Since COVID-19 forced a complete global economic shutdown in March of 2020, investors have been trying to understand the enduring changes that the pandemic has brought to the economy and markets. As we near the third anniversary of the initial lockdowns, most activity seems to be returning to pre-COVID trends. A fascinating example is e-commerce. 

E-commerce sales as a percentage of total US retail sales have grown steadily since the early 2000s, but they spiked in 2020 as our lives moved entirely on-line. Since vaccines were widely issued in 2021, the percentage has retreated back to the pre-pandemic trend. This has had a major impact on firms that bulked up on cloud services, e-commerce support, and warehouse space on the assumption that the spike represented a permanent shift in long-term trends. This return to trend seems like an appropriate metaphor for broader economic and market activity. Across the board, we are returning to many pre- COVID norms. 

In regard to trends in financial markets, the correction of 2022 has re-set valuations and changed the long-term expectations for index returns. JP Morgan publishes an exhaustive annual analysis and forecast of long-term (7+ years) capital market average annual return assumptions. Several other firms including BlackRock, Goldman Sachs, AQR and others produce similar reports with broadly similar results. Below is a summary of the JP Morgan estimates and how those have changed over the past year. 

The difference is striking and consistent across all asset classes. A difficult 2022 has adjusted return expectations back to historical averages. Although these expectations may prove incorrect, they indicate that financial markets are returning to an environment driven by fundamental factors and not ultra-low interest rates. This is a solid backdrop for owners of diversified portfolios.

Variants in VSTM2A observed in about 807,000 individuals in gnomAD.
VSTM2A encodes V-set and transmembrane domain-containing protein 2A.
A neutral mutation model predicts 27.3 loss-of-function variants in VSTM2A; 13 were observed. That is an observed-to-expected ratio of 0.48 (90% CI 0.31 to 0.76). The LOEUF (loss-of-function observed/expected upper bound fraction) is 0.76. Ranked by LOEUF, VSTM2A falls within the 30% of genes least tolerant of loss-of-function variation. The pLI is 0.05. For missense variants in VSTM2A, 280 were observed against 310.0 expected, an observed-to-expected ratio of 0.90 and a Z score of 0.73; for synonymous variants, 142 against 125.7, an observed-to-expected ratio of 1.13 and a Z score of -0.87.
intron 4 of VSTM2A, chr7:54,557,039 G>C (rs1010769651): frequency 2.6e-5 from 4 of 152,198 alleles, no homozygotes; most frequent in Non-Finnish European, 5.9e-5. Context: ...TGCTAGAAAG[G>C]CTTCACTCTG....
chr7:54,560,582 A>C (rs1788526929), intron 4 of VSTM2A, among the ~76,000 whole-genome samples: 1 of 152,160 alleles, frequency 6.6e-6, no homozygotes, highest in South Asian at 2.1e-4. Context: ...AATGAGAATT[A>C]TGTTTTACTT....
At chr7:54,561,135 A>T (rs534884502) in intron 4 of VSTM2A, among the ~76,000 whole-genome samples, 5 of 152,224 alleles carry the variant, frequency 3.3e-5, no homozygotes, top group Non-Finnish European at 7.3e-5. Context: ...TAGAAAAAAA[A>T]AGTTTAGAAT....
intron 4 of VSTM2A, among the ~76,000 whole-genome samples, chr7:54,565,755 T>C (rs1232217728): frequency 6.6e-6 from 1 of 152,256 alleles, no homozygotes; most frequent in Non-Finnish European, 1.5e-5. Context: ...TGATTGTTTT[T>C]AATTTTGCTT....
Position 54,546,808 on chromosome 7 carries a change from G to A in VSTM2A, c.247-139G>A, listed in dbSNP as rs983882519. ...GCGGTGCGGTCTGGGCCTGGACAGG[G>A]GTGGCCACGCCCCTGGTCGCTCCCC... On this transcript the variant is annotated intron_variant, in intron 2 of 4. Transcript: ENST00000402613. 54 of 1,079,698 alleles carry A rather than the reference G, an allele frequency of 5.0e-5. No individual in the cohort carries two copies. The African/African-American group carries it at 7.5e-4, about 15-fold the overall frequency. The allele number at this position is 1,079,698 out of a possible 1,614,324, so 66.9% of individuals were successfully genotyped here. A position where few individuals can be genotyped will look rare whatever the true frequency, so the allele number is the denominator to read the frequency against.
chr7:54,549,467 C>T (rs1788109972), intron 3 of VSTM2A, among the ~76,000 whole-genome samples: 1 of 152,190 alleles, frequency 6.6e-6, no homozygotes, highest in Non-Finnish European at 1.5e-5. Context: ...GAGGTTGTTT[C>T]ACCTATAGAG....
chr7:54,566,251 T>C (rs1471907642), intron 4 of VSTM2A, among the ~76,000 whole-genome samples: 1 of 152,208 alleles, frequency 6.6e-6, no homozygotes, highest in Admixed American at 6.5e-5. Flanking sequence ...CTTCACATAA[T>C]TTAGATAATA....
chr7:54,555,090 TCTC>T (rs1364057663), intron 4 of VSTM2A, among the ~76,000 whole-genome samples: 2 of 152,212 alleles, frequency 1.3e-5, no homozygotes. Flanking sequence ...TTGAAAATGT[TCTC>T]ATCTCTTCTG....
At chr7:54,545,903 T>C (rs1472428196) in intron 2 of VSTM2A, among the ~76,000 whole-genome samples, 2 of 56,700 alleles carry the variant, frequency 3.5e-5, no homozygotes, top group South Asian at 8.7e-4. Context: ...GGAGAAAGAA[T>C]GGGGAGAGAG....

When it comes to specific areas we are emphasizing in portfolios the four following themes appear attractive: 

Fixed Income: After years of being underweight, we anticipate moving towards our long-term strategic targets. Bonds provide real income to portfolios and cushion returns in challenging times 

US Value Equities: We anticipate maintaining a healthy allocation to value equities which still appear attractively priced versus growth even after dramatic relative outperformance in 2022. 

International Equities: We have been underweight developed international and emerging market equities for several years but believe we may be at an inflection point after fifteen years of US outperformance. 

Private Credit, Real Estate, and Energy Transition: The floating rate nature of most private credit has made yields in that space even more attractive than usual. Interest rates will force an adjustment to real estate cap rates presenting opportunities to deploy capital into projects at better pricing. Recent government efforts to subsidize the transition of our electrical grid will present attractive potential investments with enhanced economics 

The Road Ahead

“Roads? Where we’re going, we don’t need roads,” is a memorable quote from the 1980’s hit Back to the Future. Unfortunately, we don’t have a time machine powered by a flux capacitor, but as we contemplate 2023 and beyond, we suspect the traditional rules of the road will begin to reassert themselves after more than a decade of 0% interest rates. 

January has already provided several surprises, as markets have rallied in the face of conflicting fundamentals. China’s sudden exit from their zero-COVID policy, decelerating inflation readings and hope that the Federal Reserve is near a peak in rates has outweighed disappointing corporate earnings and contractions in manufacturing activity and other leading economic indicators. We still suspect that the year will be volatile and that market sentiment can change quickly in the short-term. There are more twists in the road ahead. 

We hope you have a great start to the new year and look forward to visiting soon. 


Steve Sprengnether

President & Chief Investment Officer


Brad Bangen

VP, Head of Private Markets


Laurence Unger

VP, Head of Public Markets